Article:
Former CIA Director David Petraeus will testify before the House Intelligence committee Friday on events that led to the death of the U.S. ambassador and three other Americans in an attack on the U.S. Consulate at Benghazi, Libya, on Sept. 11.
A senior defense official tells The Associated Press that some of the 20,000-plus documents and emails between the top U.S. commander in Afghanistan and a Tampa socialite were "flirtatious."
The extramarital affair that brought down David Petraeus' celebrated career last week raised many questions. Among them: when exactly the affair began, how the FBI stumbled upon the information and who was told about it. Here's a timeline of events, according to officials involved in the investigation:
The Pentagon said Tuesday that the top American commander in Afghanistan, Gen. John Allen (pictured), is under investigation for alleged "inappropriate communications" with a woman who is said to have received threatening emails from Paula Broadwell, the woman with whom Petraeus had an extramarital affair.
David Petraeus, the retired four-star general renowned for taking charge of the military campaigns in Iraq and then Afghanistan, abruptly resigned Friday as director of the CIA, admitting to an extramarital affair.
A former CIA officer accused of leaking the names of covert operatives to journalists is expected to enter a guilty plea as part of a plea deal.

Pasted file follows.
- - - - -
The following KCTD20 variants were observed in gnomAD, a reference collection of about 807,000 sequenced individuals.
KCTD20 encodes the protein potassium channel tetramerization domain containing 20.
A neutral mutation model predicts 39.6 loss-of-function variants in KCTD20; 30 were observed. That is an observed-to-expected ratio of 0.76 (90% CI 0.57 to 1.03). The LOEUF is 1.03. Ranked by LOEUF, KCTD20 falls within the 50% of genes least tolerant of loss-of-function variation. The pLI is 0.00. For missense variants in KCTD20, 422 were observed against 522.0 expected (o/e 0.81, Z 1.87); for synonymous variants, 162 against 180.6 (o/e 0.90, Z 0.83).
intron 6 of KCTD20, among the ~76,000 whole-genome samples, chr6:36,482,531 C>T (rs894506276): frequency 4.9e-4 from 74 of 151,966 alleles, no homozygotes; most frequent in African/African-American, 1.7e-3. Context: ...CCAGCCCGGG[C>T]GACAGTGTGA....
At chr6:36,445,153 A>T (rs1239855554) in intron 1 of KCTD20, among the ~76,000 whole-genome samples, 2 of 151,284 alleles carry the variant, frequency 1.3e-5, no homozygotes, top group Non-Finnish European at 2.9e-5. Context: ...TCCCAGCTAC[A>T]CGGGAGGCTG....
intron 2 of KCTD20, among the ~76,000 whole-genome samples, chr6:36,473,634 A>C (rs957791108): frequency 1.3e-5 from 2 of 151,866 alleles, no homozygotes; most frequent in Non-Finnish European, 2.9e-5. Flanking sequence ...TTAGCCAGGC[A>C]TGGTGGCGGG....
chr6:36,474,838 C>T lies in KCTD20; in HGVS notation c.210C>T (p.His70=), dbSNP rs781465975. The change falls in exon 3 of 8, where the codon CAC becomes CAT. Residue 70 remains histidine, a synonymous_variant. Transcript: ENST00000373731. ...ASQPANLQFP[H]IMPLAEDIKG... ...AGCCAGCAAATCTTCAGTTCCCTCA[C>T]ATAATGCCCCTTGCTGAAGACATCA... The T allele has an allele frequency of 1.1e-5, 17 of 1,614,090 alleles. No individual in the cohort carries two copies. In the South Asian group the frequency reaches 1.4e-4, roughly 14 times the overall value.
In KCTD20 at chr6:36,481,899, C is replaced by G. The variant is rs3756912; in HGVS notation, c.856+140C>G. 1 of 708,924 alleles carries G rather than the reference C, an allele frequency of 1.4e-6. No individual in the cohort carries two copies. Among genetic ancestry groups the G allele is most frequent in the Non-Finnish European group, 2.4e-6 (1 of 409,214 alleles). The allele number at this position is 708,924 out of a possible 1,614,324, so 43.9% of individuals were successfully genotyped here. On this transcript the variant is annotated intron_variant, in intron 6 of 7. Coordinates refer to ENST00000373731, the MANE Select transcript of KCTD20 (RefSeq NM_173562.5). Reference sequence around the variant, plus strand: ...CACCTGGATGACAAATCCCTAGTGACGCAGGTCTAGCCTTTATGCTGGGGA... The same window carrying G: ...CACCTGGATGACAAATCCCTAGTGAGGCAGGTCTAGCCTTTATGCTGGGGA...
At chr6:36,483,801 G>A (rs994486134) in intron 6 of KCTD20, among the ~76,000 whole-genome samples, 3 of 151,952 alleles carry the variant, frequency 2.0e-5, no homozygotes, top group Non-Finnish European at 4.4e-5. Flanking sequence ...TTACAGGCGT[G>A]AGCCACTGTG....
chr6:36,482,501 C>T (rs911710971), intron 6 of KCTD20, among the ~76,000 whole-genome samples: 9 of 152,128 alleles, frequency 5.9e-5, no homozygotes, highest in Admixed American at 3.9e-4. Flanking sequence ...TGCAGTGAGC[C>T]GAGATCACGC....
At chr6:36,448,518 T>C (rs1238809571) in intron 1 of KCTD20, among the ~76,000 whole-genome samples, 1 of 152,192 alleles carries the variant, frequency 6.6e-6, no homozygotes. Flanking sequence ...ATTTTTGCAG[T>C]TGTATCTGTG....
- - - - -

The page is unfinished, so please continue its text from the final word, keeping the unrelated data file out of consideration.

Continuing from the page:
Intelligence Community Information Technology Enterprise will reach initial operating capability next March on the way to full implementation in 2018. The NGA and DIA are building a common desktop for all of the intelligence community agencies.
Edwin Wilson's high-powered, jet-setting life in the 1970s and early 1980s followed a career in the CIA. But it came crashing down when he was branded a traitor and convicted in 1983 for shipping 20 tons of C-4 plastic explosives to Libya
The Justice Department announced Thursday it has ended its investigation into CIA interrogations of terrorist detainees without bringing criminal charges.
Ninety percent of backlogged papers have been assessed and sent to agencies for review, but unexpected problems may cause government to miss 2013 deadline to clear the backlog.